Sunday, July 15, 2018

Mounting Evidence That Progress Is Possible - Especially Locally!

NY Times columnist Tom Friedman argues that American politics still works from the bottom up, “where civic coalitions are succeeding at revitalizing old towns where governmental efforts have failed:  He point is borne out in the latest Annie E Casey Foundation’s report on infant mortality in Baltimore.

A “collective impact” approach known as B’More for Healthy Babies (BHB) that blends public investment with private philanthropic commitments has resulted in a decrease in infant mortality by 35% since 2009 and a decrease in the disparity between African Americans and whites by 64%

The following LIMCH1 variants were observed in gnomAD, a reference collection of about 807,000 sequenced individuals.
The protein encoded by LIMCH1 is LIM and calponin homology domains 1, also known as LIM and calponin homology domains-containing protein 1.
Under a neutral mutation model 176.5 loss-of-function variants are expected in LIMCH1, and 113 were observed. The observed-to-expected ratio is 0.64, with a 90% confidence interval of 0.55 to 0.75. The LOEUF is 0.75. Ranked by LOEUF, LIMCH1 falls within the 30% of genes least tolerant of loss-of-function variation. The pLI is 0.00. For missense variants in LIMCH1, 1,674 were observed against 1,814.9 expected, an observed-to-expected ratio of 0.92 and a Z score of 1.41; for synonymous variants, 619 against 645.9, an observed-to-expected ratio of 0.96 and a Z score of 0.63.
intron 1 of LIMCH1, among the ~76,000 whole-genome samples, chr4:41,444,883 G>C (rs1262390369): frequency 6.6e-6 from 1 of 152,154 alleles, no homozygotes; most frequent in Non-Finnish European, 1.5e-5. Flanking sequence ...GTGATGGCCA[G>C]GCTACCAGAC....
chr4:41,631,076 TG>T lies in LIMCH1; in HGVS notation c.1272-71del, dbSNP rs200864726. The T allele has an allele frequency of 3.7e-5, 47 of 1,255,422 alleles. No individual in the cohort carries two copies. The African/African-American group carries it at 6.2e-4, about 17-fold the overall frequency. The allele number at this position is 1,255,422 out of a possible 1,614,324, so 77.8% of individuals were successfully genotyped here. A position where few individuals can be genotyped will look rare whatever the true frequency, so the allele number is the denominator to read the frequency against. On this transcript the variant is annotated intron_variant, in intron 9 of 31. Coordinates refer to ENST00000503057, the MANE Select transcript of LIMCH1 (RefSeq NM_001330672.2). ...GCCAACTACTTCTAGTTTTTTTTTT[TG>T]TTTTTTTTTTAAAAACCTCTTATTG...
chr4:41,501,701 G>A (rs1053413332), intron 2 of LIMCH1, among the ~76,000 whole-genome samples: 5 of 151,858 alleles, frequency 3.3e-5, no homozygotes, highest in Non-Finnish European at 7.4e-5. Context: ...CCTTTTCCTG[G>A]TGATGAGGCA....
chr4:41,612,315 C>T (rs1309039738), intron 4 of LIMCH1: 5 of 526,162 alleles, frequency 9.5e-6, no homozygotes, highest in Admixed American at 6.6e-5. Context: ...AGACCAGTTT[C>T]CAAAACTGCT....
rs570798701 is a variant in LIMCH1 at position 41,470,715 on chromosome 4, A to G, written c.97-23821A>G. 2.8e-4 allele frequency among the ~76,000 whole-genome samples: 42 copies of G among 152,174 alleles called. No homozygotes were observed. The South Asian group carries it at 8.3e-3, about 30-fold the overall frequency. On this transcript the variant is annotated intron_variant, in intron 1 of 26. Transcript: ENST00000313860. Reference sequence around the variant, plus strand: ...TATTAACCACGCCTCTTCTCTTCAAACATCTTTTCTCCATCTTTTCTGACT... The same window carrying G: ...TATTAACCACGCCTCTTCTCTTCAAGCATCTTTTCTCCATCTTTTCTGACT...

We’ve seen the same at Share Our Strength with our No Kid Hungry campaign that operates on a state-by-states basis. 3 million kids have been added to school breakfast over the past 10 years. The number of children experiencing hunger is down at least 30%.

The animosity and divisiveness that characterizes our national politics often subsides at the community level where citizens have a clear line of sight into the needs of their neighbors and solutions that work. Especially on behalf of children. Pragmatism, collaboration, and innovation prevail – and show what might be possible if we put the larger interest over individual special interests.

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